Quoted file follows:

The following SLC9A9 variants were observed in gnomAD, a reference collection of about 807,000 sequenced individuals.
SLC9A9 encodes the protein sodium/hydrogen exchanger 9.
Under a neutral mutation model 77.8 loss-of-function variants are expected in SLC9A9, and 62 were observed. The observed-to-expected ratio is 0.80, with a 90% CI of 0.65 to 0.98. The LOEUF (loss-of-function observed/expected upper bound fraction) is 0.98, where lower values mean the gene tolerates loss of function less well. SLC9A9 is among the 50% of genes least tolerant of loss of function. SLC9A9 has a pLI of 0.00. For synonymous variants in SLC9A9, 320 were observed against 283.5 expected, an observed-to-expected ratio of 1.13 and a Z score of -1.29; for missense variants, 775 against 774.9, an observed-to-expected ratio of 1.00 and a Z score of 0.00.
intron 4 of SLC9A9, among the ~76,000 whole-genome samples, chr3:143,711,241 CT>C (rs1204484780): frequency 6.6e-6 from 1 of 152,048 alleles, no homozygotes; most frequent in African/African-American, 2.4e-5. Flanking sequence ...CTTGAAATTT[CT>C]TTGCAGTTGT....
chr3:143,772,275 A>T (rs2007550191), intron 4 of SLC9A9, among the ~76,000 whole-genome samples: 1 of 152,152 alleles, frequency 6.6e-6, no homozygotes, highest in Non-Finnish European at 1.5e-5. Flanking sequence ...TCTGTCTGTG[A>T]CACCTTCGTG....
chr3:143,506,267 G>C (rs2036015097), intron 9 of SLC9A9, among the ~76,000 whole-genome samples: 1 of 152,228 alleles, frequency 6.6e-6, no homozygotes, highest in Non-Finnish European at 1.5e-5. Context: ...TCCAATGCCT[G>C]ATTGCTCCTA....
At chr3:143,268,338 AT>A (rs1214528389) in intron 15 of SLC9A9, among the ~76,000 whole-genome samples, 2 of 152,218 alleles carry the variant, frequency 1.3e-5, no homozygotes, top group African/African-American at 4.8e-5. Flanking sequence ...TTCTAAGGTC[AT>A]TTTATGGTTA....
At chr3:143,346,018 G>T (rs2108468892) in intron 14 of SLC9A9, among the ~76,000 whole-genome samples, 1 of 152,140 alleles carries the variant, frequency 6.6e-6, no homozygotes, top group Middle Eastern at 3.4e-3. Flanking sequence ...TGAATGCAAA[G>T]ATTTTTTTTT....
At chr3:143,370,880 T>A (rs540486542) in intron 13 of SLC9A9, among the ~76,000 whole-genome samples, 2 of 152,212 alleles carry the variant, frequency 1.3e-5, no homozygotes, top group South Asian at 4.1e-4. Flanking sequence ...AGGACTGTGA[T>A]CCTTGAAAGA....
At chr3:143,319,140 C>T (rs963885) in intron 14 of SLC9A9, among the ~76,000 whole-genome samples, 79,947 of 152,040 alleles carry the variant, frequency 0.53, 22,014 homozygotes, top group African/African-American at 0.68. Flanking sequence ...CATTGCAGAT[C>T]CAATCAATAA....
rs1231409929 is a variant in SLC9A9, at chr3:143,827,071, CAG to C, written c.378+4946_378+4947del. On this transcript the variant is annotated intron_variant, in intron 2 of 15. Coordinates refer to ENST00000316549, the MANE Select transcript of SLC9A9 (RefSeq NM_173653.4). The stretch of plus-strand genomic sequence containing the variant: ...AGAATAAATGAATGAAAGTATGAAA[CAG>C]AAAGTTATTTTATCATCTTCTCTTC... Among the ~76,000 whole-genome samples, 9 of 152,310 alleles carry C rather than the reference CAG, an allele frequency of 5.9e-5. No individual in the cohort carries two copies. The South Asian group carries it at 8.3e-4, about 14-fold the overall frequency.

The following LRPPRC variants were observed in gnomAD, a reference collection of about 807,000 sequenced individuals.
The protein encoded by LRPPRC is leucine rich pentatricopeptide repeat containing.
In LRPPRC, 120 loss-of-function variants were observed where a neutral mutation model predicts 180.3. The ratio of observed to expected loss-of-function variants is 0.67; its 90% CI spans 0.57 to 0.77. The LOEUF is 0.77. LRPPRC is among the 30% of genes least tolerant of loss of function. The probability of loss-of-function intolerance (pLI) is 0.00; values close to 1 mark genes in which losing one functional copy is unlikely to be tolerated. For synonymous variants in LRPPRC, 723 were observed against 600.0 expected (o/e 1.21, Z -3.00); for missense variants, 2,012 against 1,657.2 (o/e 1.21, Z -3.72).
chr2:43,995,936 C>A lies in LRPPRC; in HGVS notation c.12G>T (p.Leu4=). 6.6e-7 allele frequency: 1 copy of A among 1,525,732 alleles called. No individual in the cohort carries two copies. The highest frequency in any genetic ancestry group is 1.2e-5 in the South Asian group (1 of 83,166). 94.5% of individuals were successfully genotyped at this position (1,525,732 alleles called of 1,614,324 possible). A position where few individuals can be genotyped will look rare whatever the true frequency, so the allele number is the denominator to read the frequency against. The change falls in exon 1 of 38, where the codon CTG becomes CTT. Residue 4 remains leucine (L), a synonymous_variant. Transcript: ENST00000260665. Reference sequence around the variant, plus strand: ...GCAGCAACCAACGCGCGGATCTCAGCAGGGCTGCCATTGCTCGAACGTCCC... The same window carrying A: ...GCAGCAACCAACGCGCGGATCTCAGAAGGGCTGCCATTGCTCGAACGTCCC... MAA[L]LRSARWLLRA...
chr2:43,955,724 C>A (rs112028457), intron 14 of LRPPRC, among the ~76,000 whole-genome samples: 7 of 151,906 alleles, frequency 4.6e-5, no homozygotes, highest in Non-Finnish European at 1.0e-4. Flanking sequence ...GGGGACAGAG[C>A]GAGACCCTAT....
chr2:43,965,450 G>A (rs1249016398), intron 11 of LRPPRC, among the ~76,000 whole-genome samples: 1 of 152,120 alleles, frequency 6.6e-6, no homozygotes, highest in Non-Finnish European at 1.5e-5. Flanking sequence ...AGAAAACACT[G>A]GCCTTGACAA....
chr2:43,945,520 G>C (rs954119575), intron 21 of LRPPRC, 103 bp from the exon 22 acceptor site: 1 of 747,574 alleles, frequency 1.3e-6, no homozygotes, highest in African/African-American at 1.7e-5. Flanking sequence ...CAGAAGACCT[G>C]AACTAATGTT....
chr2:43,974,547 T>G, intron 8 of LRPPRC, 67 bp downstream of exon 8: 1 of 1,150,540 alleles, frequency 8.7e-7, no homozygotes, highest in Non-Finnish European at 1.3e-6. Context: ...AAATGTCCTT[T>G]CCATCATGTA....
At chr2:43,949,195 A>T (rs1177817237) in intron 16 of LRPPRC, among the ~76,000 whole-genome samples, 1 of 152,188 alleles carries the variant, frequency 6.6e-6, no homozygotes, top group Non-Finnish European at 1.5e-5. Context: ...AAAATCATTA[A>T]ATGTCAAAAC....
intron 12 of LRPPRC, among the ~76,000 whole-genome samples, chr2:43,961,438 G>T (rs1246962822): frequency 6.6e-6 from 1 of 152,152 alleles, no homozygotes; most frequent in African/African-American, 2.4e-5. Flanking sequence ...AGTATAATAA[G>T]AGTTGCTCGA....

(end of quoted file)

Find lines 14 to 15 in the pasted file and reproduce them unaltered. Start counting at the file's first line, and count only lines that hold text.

In LRPPRC, 120 loss-of-function variants were observed where a neutral mutation model predicts 180.3. The ratio of observed to expected loss-of-function variants is 0.67; its 90% CI spans 0.57 to 0.77. The LOEUF is 0.77. LRPPRC is among the 30% of genes least tolerant of loss of function. The probability of loss-of-function intolerance (pLI) is 0.00; values close to 1 mark genes in which losing one functional copy is unlikely to be tolerated. For synonymous variants in LRPPRC, 723 were observed against 600.0 expected (o/e 1.21, Z -3.00); for missense variants, 2,012 against 1,657.2 (o/e 1.21, Z -3.72).
chr2:43,995,936 C>A lies in LRPPRC; in HGVS notation c.12G>T (p.Leu4=). 6.6e-7 allele frequency: 1 copy of A among 1,525,732 alleles called. No individual in the cohort carries two copies. The highest frequency in any genetic ancestry group is 1.2e-5 in the South Asian group (1 of 83,166). 94.5% of individuals were successfully genotyped at this position (1,525,732 alleles called of 1,614,324 possible). A position where few individuals can be genotyped will look rare whatever the true frequency, so the allele number is the denominator to read the frequency against. The change falls in exon 1 of 38, where the codon CTG becomes CTT. Residue 4 remains leucine (L), a synonymous_variant. Transcript: ENST00000260665. Reference sequence around the variant, plus strand: ...GCAGCAACCAACGCGCGGATCTCAGCAGGGCTGCCATTGCTCGAACGTCCC... The same window carrying A: ...GCAGCAACCAACGCGCGGATCTCAGAAGGGCTGCCATTGCTCGAACGTCCC... MAA[L]LRSARWLLRA...